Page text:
A community-based coalition calls for conservation measures to safeguard this one-of-a-kind recreational destination
The Greater Little Mountain Coalition released a film today highlighting local support for the conservation of its namesake area, just south of Rock Springs. The film features seven Sweetwater County residents expressing their views on the importance of the Greater Little Mountain Area, known by many as a recreational paradise for hunting, fishing, and outdoor activities.
Spanning from desert badlands to high mountain aspen and conifer groves, this area is home to productive trout streams and some of the most sought-after big game hunting opportunities in the state. Eastman’s Hunting Journal regularly ranks the area’s deer and elk units among its top five Wyoming hunts. Since 1990, conservation organizations and state and federal agencies have spent more than $6 million in on-the-ground projects to enhance and maintain these resources.
The majority of the Greater Little Mountain Area is public land administered by the Bureau of Land Management’s Rock Springs field office, which is in the process of revising the plan that guides management decisions for energy development, recreation, livestock grazing, wildlife, and other resources. The Greater Little Mountain Coalition has been actively engaged in the planning process and has proposed an approach that would ensure the region’s incredible fish and wildlife resources and open space are managed in a balanced way.
“The Coalition has been advocating for the Greater Little Mountain Area since 2008. With input from local hunters, anglers, and decision-makers, we submitted a proposal to be included in the draft Rock Springs Resource Management Plan,” said Josh Coursey, CEO of the Muley Fanatic Foundation. “This film shows the tremendous local support for our plan and we expect decision makers in D.C. to give it the serious consideration it deserves.”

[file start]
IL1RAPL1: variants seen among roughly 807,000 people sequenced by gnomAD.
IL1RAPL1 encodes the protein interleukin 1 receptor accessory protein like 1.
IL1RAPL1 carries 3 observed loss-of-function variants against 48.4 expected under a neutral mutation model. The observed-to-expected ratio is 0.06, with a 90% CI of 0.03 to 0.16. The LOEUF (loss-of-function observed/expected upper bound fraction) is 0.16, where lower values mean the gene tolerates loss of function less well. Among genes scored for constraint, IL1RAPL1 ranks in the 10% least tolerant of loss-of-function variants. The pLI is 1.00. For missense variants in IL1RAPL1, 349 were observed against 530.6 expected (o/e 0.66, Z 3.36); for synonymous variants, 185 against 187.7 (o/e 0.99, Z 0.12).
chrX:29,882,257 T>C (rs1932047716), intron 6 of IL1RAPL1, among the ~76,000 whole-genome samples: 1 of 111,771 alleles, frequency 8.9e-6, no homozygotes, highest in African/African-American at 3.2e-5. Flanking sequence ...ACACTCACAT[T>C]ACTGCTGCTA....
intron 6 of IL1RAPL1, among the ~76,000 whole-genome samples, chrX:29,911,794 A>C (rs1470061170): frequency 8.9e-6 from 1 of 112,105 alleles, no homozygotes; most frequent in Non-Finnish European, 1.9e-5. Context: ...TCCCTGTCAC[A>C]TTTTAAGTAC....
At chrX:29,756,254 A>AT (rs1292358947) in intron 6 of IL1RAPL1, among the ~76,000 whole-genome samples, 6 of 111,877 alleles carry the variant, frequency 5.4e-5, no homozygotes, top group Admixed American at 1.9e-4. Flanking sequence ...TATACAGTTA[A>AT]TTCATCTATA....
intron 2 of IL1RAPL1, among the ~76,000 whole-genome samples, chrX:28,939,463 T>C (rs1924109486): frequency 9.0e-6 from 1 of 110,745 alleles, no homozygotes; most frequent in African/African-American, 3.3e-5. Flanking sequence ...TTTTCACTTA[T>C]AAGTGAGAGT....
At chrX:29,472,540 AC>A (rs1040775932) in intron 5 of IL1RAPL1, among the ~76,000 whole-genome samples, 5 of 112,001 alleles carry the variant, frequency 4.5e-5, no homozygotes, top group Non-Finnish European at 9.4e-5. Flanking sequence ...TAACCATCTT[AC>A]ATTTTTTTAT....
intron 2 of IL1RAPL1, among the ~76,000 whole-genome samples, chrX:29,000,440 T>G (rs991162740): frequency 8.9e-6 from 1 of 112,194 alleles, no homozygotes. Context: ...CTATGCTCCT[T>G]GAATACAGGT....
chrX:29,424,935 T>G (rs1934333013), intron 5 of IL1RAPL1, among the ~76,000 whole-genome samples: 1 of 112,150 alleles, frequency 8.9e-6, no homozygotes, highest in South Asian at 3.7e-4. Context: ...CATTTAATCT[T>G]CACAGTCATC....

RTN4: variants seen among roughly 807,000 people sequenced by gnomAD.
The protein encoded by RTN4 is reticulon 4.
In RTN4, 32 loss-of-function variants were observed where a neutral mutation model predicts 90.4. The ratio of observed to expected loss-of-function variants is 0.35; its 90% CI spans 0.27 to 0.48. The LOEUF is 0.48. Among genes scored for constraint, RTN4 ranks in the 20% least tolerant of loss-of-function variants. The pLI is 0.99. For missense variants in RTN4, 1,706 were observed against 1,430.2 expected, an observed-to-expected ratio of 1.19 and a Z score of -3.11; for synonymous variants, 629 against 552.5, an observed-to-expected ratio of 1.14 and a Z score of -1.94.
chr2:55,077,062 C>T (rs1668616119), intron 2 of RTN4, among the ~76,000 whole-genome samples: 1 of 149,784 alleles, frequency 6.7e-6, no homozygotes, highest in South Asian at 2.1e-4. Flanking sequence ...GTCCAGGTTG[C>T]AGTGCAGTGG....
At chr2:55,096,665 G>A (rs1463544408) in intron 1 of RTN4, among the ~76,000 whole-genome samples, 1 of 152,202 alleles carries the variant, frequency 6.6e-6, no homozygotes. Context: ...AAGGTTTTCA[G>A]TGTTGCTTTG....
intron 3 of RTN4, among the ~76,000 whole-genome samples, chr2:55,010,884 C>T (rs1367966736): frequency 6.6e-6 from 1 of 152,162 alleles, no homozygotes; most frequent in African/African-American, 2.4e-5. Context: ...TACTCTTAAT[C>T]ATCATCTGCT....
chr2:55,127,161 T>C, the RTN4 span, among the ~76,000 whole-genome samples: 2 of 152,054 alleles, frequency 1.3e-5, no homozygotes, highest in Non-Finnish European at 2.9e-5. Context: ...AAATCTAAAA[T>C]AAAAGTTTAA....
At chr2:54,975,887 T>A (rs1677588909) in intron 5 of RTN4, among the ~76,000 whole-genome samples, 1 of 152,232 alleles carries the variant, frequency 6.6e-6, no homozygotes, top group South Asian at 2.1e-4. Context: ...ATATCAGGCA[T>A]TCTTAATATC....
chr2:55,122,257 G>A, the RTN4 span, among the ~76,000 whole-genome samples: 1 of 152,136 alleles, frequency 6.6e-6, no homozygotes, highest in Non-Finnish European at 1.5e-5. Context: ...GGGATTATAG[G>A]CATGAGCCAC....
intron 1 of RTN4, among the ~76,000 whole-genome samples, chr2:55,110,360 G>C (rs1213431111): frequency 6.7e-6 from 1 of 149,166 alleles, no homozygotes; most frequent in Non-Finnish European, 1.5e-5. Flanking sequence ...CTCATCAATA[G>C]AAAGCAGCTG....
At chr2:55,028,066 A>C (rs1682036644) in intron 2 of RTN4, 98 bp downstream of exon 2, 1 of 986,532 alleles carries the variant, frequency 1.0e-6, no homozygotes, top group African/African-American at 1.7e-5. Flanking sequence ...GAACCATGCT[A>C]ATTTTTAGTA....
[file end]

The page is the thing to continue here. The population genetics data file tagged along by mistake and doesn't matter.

For generations the Greater Little Mountain Area has been a favorite for sportsmen and sportswomen and a priority for conservation-minded hunters and anglers. The new film reveals the feelings that this area inspires in locals, as well as the thousands of others who have had the privilege to visit.
“Energy means a lot to Wyoming, and so does being able to hunt and fish in my backyard,” said Monte Morlock of the United Steelworkers. “It is possible to balance our outdoor way of life with development, and that’s exactly what we need to do in the Little Mountain area.”
The film also includes Sweetwater County commissioner Wally Johnson. “How much are we expected to produce and what are we expected to give up? Greater Little Mountain is an area I’m not willing to give up,” said Johnson.
In addition to Morlock, Coursey, and Johnson, the film also features Bruce Pivic of Infinity Power and Controls, local sportswomen Robin and Jessica Robison, and rancher Jackson Ramsay.
The Greater Little Mountain Coalition is an assembly of sportsmen conservation organizations, union members, miners, and more than 2,500 hunters, anglers and recreationists who seek to find balanced solutions that ensures the regions great hunting, fishing, and open space is conserved for future generations while supporting responsible energy development. The Coalition partners include: Bowhunters of Wyoming, Muley Fanatic Foundation, Southwest Labor Council, Steelworkers Union 13214, Theodore Roosevelt Conservation Partnership, Trout Unlimited and Wyoming Wildlife Federation.